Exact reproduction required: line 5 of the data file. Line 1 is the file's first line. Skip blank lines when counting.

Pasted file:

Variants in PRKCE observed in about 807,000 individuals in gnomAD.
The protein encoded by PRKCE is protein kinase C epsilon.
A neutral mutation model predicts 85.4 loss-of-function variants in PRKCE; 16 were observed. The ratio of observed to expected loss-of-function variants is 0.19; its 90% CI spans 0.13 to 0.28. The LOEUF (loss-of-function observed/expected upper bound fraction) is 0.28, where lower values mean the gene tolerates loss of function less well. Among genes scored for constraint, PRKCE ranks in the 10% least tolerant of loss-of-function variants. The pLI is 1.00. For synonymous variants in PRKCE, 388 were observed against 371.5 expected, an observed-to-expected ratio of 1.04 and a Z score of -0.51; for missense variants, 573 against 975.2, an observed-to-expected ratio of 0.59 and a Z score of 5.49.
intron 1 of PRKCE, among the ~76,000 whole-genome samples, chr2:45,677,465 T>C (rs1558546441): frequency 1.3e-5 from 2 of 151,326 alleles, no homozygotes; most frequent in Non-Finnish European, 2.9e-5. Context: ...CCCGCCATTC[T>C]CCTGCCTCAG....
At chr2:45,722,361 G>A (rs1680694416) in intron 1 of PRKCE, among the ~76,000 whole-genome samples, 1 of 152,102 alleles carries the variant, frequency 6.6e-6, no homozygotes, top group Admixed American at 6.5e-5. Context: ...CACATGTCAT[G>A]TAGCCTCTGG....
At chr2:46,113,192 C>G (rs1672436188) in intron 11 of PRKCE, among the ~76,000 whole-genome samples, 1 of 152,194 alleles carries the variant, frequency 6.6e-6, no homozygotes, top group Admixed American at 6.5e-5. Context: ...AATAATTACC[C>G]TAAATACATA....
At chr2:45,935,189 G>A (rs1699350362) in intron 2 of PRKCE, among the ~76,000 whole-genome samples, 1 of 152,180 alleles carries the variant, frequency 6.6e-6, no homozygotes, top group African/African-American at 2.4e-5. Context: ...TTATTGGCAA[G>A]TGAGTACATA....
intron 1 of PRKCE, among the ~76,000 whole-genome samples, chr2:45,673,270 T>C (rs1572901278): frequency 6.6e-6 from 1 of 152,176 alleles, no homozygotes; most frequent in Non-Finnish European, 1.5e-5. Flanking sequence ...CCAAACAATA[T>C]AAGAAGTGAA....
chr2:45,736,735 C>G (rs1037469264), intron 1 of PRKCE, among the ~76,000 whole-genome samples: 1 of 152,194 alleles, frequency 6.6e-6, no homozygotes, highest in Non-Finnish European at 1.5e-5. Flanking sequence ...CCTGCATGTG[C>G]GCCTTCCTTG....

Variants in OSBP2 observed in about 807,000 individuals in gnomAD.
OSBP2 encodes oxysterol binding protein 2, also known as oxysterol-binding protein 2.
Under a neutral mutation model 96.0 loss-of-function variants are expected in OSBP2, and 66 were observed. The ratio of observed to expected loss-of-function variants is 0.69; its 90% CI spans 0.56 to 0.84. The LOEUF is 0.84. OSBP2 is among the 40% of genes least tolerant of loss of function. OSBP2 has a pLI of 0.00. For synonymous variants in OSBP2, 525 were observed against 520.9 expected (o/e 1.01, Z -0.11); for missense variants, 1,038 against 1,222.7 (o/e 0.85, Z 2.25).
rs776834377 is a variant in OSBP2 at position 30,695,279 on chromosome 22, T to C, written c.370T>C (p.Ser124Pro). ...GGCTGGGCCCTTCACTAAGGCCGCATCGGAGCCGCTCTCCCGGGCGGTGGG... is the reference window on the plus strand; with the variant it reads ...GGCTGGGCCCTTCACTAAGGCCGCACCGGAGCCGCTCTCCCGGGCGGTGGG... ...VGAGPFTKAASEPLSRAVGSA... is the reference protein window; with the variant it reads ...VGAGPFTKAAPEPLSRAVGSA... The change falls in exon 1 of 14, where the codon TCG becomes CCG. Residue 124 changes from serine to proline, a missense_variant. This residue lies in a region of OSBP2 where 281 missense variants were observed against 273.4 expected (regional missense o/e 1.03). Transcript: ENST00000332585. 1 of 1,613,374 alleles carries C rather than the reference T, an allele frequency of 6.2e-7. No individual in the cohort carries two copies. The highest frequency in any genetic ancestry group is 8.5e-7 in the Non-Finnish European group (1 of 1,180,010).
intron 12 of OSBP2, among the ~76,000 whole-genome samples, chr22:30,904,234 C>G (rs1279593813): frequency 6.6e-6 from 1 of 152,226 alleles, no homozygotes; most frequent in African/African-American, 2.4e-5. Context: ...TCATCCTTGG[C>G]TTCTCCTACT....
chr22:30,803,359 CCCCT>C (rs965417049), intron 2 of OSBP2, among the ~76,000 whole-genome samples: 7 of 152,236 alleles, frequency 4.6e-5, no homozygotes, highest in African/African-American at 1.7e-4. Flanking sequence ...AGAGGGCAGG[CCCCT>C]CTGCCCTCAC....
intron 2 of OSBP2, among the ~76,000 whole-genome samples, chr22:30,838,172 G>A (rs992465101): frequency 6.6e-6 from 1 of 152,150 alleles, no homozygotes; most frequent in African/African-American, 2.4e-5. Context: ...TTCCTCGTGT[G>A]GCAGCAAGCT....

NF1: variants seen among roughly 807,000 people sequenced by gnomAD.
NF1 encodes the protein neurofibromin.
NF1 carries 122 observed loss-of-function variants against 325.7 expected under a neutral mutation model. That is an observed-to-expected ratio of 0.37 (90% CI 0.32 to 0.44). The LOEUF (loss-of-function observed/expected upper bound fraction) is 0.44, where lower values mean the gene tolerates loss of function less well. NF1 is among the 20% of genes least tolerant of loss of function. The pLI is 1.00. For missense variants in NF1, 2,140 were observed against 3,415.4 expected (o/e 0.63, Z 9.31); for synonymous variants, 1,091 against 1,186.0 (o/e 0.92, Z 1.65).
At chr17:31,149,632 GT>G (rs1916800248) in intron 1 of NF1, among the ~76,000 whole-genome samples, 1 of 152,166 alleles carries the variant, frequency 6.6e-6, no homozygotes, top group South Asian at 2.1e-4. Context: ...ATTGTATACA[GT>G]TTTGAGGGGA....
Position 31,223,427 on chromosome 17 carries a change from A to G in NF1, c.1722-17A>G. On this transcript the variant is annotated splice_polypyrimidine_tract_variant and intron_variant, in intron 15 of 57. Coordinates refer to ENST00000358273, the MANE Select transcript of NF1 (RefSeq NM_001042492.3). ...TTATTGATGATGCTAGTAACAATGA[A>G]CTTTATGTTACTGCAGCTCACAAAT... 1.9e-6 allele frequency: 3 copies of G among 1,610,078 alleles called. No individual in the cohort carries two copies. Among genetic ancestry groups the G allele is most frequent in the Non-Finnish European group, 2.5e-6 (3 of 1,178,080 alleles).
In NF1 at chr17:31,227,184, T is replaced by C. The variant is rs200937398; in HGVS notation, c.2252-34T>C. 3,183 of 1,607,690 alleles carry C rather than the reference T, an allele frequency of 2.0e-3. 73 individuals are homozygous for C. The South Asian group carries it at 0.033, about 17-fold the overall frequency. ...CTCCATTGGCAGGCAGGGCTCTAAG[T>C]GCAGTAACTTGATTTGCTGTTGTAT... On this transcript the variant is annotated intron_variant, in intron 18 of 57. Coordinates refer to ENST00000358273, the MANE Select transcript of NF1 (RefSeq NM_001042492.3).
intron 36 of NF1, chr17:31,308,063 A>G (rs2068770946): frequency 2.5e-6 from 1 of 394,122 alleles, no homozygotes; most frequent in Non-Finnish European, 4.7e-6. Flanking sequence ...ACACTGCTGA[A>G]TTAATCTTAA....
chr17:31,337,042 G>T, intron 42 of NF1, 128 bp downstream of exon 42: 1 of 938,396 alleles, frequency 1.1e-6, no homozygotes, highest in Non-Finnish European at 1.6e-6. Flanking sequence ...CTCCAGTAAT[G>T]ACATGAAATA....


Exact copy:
At chr2:45,722,361 G>A (rs1680694416) in intron 1 of PRKCE, among the ~76,000 whole-genome samples, 1 of 152,102 alleles carries the variant, frequency 6.6e-6, no homozygotes, top group Admixed American at 6.5e-5. Context: ...CACATGTCAT[G>A]TAGCCTCTGG....